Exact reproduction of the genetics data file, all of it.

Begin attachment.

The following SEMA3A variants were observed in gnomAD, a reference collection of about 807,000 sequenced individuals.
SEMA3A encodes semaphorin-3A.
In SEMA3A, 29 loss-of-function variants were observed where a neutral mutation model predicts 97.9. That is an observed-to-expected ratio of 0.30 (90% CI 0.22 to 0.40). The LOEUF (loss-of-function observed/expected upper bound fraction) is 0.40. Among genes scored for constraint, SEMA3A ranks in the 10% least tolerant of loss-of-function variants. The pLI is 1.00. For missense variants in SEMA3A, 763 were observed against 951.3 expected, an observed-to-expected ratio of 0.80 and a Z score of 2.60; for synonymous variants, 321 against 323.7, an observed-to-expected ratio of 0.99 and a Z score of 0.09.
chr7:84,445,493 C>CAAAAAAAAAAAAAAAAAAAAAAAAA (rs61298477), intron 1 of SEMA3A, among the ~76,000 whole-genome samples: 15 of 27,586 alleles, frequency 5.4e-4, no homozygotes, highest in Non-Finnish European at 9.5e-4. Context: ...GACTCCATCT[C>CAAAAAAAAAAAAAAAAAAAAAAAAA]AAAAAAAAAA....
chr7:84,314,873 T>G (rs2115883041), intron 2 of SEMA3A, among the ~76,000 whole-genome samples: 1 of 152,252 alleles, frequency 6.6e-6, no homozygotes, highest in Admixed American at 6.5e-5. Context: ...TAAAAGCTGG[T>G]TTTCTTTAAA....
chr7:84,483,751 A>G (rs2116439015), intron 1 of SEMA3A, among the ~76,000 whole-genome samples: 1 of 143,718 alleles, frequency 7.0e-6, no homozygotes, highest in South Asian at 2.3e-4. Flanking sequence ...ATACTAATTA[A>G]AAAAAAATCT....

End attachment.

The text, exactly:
The following SEMA3A variants were observed in gnomAD, a reference collection of about 807,000 sequenced individuals.
SEMA3A encodes semaphorin-3A.
In SEMA3A, 29 loss-of-function variants were observed where a neutral mutation model predicts 97.9. That is an observed-to-expected ratio of 0.30 (90% CI 0.22 to 0.40). The LOEUF (loss-of-function observed/expected upper bound fraction) is 0.40. Among genes scored for constraint, SEMA3A ranks in the 10% least tolerant of loss-of-function variants. The pLI is 1.00. For missense variants in SEMA3A, 763 were observed against 951.3 expected, an observed-to-expected ratio of 0.80 and a Z score of 2.60; for synonymous variants, 321 against 323.7, an observed-to-expected ratio of 0.99 and a Z score of 0.09.
chr7:84,445,493 C>CAAAAAAAAAAAAAAAAAAAAAAAAA (rs61298477), intron 1 of SEMA3A, among the ~76,000 whole-genome samples: 15 of 27,586 alleles, frequency 5.4e-4, no homozygotes, highest in Non-Finnish European at 9.5e-4. Context: ...GACTCCATCT[C>CAAAAAAAAAAAAAAAAAAAAAAAAA]AAAAAAAAAA....
chr7:84,314,873 T>G (rs2115883041), intron 2 of SEMA3A, among the ~76,000 whole-genome samples: 1 of 152,252 alleles, frequency 6.6e-6, no homozygotes, highest in Admixed American at 6.5e-5. Context: ...TAAAAGCTGG[T>G]TTTCTTTAAA....
chr7:84,483,751 A>G (rs2116439015), intron 1 of SEMA3A, among the ~76,000 whole-genome samples: 1 of 143,718 alleles, frequency 7.0e-6, no homozygotes, highest in South Asian at 2.3e-4. Flanking sequence ...ATACTAATTA[A>G]AAAAAAATCT....